LOS ANGELES -- Here's a little quiz for you health care aficionados: What's the connection between HMOs saying they can't afford to serve Medicare patients in many towns anymore and the bipartisan drive to finally offer Medicare patients prescription drug benefits?
According to Dr. John Wennberg of Dartmouth, the answer involves a paradox: If we cut payments to HMOs serving Medicare patients even further, we'll save enough cash to fund prescription drugs for every senior.
To understand why Dr. Wennberg is right, you have to look past political jitters over today's squealing HMOs to the nutty economics of Medicare's managed-care program. Worries about a few hundred thousand seniors being dumped from Medicare HMOs masks the fact that HMOs are still being overpaid for many millions of seniors they serve.
That's because the feds pay HMOs a fixed rate of about 93 percent of what traditional fee-for-service Medicare costs per person in a county. The idea was that this 7 percent "cut" would be the government's way of getting in on the savings available from managed care.
But the formula ends up rewarding cities like Miami and Los Angeles, where docs have historically had a "when in doubt, do more" mentality. The result is that Medicare payments to HMOs vary wildly across the country, ranging from $3,000 per beneficiary in some Midwestern towns to more than $9,000 in big cities.
In some places, these payments have indeed become too low, which explains why HMOs are pulling out. But in most counties, the overpayment for past excesses presents a fabulous arbitrage opportunity. How? When HMOs bear the risk and are paid a fixed fee per patient rather than getting reimbursed for each service, they suddenly find they can keep seniors just as healthy for a lot less.
With costs of HMOs plummeting because of the fixed fee they are being paid but Medicare payments continuing at more than 90 percent of what they were, it's like having a license to print money. What's more, by recruiting healthier, lower cost seniors but still getting overpaid for them, these HMOs are able to offer extras like eyeglasses, dental care, prescription drugs and lower co-payments. Everyone wins -- except, of course, sicker seniors and those in counties where Medicare isn't overpaying, who in effect subsidize the extra benefits the lucky elderly get.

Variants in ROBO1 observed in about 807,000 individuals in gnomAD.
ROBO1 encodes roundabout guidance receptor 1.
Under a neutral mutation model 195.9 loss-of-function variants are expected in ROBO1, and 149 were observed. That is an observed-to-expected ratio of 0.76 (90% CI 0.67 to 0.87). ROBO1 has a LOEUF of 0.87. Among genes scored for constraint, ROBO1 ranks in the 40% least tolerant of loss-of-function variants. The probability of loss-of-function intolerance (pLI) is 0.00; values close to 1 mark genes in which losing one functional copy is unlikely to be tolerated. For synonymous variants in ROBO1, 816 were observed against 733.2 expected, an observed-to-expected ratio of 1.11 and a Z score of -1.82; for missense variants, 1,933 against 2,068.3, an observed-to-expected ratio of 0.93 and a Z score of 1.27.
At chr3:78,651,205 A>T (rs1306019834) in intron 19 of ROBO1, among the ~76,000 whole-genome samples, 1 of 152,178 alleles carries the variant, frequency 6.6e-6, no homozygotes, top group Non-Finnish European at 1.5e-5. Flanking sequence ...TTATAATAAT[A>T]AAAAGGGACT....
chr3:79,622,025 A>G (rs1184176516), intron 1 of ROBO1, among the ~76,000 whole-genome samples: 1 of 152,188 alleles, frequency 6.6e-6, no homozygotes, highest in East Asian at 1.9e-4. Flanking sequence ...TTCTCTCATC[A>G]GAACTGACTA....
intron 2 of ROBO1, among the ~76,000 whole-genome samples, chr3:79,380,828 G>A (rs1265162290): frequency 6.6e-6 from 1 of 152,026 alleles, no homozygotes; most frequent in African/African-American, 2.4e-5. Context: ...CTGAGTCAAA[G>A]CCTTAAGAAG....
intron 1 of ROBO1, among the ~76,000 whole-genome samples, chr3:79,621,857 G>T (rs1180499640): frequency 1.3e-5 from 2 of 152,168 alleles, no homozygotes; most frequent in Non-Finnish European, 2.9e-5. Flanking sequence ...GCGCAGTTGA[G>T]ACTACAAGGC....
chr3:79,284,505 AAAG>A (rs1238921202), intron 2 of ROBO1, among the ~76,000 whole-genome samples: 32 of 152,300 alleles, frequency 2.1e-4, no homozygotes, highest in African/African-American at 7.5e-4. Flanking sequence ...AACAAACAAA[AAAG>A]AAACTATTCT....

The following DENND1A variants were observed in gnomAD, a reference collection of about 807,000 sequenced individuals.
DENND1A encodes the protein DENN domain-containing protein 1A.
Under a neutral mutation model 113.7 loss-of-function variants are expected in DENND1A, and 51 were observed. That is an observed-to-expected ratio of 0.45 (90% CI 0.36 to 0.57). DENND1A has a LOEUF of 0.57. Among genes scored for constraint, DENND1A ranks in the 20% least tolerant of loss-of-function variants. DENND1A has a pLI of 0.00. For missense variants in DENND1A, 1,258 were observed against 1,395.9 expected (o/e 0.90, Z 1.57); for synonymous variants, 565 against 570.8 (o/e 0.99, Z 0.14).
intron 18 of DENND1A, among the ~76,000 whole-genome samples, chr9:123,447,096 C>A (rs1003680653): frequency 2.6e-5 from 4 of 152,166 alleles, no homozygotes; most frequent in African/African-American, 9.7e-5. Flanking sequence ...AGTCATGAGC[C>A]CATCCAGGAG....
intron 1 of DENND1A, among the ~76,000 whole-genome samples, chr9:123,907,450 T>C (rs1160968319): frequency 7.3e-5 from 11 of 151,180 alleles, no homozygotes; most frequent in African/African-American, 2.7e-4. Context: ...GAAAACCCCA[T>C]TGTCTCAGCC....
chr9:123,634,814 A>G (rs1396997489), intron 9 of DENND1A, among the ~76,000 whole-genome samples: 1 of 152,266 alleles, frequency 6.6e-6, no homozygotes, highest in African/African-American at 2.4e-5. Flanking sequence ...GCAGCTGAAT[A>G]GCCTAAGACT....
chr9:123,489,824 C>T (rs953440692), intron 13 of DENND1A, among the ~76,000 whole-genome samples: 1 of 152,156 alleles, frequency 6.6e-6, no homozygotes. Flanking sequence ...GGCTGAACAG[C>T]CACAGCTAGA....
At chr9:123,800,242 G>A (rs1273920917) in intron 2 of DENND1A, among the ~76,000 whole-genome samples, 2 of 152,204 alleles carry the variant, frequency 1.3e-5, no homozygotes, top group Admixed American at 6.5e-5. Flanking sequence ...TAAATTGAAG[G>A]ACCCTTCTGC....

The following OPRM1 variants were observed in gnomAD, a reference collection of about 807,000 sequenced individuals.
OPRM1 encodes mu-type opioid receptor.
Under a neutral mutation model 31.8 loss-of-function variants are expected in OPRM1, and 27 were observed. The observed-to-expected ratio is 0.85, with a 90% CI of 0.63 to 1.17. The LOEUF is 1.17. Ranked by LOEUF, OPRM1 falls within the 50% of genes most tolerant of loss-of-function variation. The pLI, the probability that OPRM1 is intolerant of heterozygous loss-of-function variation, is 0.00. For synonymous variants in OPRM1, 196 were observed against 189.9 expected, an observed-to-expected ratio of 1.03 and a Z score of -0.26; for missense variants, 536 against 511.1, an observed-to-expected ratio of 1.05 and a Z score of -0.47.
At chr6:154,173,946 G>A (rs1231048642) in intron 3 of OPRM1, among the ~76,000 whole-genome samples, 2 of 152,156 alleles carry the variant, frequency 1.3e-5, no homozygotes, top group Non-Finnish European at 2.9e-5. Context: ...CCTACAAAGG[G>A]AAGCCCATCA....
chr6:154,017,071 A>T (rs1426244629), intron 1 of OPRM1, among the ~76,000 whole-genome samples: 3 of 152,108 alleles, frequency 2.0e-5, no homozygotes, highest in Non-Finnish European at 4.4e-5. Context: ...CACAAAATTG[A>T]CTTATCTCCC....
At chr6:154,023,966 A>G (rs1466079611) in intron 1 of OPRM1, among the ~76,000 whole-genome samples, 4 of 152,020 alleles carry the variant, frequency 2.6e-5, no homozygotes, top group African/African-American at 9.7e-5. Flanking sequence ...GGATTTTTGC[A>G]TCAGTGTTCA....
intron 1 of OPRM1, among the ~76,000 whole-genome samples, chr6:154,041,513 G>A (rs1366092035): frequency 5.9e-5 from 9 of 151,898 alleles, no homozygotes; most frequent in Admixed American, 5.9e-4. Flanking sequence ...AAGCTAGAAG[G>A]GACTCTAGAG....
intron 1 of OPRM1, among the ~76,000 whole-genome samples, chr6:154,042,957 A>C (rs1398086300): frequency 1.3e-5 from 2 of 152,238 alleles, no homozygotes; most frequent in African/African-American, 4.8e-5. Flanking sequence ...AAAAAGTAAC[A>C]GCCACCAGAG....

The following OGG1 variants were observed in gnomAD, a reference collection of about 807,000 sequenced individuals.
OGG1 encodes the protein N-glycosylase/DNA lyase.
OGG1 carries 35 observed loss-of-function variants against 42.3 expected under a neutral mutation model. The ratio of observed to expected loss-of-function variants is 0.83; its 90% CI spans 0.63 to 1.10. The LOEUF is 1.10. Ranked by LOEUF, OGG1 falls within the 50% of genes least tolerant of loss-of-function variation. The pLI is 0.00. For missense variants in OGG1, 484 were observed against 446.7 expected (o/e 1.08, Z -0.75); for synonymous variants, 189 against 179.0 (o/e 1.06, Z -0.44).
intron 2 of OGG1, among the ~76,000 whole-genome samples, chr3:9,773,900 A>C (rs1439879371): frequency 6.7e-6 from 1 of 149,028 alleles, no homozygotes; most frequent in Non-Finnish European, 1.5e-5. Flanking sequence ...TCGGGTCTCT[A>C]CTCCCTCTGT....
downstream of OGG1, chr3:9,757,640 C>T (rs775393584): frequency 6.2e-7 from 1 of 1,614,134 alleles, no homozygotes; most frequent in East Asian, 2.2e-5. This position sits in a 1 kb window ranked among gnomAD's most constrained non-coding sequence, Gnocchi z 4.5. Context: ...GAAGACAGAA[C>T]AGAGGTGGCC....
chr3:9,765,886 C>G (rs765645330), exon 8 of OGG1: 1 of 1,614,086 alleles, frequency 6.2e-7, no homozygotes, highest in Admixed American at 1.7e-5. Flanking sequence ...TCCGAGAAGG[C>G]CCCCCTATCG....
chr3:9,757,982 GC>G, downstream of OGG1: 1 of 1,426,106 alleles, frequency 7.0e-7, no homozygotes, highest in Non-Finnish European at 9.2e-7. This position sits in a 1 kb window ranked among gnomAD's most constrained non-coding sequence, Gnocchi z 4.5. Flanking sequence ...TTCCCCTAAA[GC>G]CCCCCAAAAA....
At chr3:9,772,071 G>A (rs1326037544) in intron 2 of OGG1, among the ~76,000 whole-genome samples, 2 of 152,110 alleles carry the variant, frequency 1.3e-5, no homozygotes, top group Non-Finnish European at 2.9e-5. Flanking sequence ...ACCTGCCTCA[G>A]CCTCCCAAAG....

Enter Dr. Wennberg, the nation's leading student of these regional variations. As he told me recently, only a tiny portion of these regional cost variations can be explained by cost-of-living differences for supplies, wages and the like. Instead, they're driven by local differences in the numbers of doctors and hospital beds and the associated "practice style" this breeds -- a self-interested case of supply driving demand.
As Dr. Wennberg puts it, "geography is destiny" in Medicare -- the amount of services and attention you get depends entirely on where you live. Perhaps because beneficiaries everywhere face identical premiums and deductibles, this swing in the actual benefits they receive hasn't caught fire politically. Most striking for the long-term cost picture, however, is that counties that spend three times as much on Medicare as others show no improvement in health.
This last fact prompts Dr. Wennberg's radical idea: Why not benchmark Medicare services and costs, he says, to some sensible average that we know can deliver quality health care? For all the private sector's market cheerleading, of course, HMOs fiercely resist the competitive bidding that would flush out the current windfalls and rationalize the system.
Yet Dr. Wennberg reckons that if the rest of the nation delivered care in the high-quality yet cost-effective manner of a city like Minneapolis, we'd save $20 billion a year -- enough to fund the drug benefits both parties want while freeing today's budget surpluses to extend coverage to the uninsured.
To be sure, "End the Crazy Regional Variation in Health Care Costs!" won't be a winning slogan for the Bush or Gore campaign this year. But whoever's elected will find there's no way to avoid this issue if we're to have the coverage we deserve at prices the nation can afford.
Matthew Miller is a syndicated columnist and his e-mail address is firstname.lastname@example.org.